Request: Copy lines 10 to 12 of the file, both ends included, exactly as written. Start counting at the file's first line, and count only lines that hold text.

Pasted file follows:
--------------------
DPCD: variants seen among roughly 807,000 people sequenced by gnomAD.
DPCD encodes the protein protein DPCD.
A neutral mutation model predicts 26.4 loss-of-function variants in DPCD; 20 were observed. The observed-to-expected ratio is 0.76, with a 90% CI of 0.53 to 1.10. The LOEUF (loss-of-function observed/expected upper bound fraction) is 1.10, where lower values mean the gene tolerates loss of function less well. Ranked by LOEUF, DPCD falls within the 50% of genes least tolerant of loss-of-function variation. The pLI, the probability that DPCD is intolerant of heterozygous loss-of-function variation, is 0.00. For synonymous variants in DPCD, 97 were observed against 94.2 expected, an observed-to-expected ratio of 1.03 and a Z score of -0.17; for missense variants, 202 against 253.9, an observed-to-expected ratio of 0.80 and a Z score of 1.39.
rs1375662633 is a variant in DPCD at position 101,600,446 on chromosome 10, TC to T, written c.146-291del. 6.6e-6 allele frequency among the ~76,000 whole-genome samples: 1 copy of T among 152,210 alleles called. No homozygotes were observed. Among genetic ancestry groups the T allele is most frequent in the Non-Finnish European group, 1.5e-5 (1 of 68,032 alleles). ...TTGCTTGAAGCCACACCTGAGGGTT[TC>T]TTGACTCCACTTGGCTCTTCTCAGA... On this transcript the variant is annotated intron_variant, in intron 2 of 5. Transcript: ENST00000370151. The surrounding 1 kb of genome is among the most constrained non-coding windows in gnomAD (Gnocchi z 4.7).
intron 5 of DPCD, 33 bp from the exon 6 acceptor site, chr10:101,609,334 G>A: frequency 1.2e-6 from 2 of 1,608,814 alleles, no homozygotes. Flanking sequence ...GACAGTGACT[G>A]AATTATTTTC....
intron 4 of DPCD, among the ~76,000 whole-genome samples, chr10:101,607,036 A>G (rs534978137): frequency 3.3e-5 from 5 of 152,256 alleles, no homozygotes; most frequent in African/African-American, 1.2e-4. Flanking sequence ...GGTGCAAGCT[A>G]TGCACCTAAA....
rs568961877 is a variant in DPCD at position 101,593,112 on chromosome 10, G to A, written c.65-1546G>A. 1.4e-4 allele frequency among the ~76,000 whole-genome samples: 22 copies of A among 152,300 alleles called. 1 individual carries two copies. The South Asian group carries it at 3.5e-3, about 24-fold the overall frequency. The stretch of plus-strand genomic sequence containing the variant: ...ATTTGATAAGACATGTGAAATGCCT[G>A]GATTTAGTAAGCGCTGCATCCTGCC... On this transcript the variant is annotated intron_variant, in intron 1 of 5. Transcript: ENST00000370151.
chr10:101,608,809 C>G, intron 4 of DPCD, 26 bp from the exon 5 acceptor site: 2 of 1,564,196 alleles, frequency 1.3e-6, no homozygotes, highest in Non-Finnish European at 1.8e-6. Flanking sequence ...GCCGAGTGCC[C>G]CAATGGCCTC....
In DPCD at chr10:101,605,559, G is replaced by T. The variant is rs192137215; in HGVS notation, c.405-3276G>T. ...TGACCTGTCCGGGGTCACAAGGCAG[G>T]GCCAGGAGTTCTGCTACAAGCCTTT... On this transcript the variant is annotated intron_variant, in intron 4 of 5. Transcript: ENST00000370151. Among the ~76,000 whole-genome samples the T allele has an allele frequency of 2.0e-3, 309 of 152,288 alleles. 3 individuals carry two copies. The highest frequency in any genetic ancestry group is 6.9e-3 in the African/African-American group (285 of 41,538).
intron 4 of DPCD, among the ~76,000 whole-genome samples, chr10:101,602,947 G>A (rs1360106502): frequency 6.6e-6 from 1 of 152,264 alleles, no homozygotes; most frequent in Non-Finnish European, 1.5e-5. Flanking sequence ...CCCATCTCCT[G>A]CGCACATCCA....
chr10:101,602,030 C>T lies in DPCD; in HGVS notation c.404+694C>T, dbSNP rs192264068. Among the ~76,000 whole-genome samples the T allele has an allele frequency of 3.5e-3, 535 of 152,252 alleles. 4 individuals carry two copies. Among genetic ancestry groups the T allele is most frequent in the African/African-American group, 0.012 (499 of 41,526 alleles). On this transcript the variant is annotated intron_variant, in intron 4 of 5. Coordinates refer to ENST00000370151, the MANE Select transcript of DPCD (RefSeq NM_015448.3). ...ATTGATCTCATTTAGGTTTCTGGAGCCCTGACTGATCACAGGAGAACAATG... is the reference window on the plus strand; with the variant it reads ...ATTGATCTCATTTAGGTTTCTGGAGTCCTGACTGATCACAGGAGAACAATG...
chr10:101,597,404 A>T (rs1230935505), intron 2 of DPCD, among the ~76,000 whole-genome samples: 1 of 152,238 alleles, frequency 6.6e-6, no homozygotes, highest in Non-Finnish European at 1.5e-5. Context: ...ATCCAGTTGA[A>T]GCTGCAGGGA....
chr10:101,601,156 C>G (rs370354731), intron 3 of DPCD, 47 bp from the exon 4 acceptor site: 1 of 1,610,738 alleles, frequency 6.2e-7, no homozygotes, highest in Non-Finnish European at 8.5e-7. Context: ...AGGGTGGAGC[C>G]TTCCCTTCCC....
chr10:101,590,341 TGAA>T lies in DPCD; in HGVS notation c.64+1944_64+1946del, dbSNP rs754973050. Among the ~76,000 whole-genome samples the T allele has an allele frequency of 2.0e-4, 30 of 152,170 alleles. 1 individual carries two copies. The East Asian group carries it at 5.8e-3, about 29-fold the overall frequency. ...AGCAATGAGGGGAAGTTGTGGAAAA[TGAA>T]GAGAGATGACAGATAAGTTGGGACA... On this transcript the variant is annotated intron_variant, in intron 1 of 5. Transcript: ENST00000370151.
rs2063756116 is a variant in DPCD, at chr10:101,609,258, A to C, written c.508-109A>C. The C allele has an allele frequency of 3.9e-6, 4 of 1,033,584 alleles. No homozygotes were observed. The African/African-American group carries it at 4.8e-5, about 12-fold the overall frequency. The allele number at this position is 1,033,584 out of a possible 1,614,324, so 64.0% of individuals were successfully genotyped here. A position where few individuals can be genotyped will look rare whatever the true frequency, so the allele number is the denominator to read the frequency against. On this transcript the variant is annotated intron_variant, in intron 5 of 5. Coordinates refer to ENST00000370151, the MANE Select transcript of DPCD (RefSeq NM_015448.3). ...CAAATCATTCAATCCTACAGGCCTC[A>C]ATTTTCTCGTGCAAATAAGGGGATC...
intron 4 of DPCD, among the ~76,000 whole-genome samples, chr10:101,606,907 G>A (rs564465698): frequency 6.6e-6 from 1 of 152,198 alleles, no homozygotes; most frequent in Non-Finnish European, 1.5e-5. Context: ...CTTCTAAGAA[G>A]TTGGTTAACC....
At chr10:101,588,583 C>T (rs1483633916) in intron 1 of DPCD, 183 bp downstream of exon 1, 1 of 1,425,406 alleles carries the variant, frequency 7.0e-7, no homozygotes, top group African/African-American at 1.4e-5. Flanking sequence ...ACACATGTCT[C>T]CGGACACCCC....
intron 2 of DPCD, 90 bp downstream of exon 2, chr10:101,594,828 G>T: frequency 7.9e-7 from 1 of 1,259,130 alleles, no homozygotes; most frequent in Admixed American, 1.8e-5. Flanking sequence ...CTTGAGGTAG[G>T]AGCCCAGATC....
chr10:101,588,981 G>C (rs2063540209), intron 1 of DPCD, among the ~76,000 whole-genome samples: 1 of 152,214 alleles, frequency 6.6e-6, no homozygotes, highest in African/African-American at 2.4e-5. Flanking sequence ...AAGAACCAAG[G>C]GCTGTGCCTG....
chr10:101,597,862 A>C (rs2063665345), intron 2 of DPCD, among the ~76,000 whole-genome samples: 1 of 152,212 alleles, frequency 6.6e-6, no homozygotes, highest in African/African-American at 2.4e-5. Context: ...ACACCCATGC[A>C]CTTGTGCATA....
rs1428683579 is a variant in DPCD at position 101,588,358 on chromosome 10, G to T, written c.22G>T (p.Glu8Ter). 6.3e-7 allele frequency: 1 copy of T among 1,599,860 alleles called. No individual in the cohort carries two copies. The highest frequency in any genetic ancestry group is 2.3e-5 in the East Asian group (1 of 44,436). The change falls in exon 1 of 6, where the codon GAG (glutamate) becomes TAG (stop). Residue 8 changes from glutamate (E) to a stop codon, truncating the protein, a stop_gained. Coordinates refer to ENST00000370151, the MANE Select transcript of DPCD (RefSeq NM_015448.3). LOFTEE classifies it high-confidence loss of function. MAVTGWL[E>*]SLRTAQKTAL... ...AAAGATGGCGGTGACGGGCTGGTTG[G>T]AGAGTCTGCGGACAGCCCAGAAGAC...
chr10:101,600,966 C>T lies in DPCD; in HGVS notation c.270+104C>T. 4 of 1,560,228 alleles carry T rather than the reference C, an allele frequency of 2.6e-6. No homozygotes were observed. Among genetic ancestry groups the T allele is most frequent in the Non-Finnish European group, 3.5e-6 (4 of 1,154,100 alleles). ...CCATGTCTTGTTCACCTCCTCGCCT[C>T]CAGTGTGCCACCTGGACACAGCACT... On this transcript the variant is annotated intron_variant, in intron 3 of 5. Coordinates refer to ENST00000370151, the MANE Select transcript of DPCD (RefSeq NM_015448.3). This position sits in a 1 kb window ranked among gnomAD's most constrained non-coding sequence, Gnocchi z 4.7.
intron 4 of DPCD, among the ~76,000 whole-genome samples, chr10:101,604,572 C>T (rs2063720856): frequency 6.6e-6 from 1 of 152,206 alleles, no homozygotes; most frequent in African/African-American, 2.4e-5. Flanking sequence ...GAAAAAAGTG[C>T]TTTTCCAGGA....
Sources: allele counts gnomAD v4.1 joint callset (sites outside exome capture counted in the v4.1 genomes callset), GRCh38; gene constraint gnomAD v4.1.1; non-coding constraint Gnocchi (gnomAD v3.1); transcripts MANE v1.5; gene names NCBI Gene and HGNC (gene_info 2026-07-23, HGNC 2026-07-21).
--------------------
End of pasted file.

intron 4 of DPCD, among the ~76,000 whole-genome samples, chr10:101,602,947 G>A (rs1360106502): frequency 6.6e-6 from 1 of 152,264 alleles, no homozygotes; most frequent in Non-Finnish European, 1.5e-5. Flanking sequence ...CCCATCTCCT[G>A]CGCACATCCA....
chr10:101,602,030 C>T lies in DPCD; in HGVS notation c.404+694C>T, dbSNP rs192264068. Among the ~76,000 whole-genome samples the T allele has an allele frequency of 3.5e-3, 535 of 152,252 alleles. 4 individuals carry two copies. Among genetic ancestry groups the T allele is most frequent in the African/African-American group, 0.012 (499 of 41,526 alleles). On this transcript the variant is annotated intron_variant, in intron 4 of 5. Coordinates refer to ENST00000370151, the MANE Select transcript of DPCD (RefSeq NM_015448.3). ...ATTGATCTCATTTAGGTTTCTGGAGCCCTGACTGATCACAGGAGAACAATG... is the reference window on the plus strand; with the variant it reads ...ATTGATCTCATTTAGGTTTCTGGAGTCCTGACTGATCACAGGAGAACAATG...
chr10:101,597,404 A>T (rs1230935505), intron 2 of DPCD, among the ~76,000 whole-genome samples: 1 of 152,238 alleles, frequency 6.6e-6, no homozygotes, highest in Non-Finnish European at 1.5e-5. Context: ...ATCCAGTTGA[A>T]GCTGCAGGGA....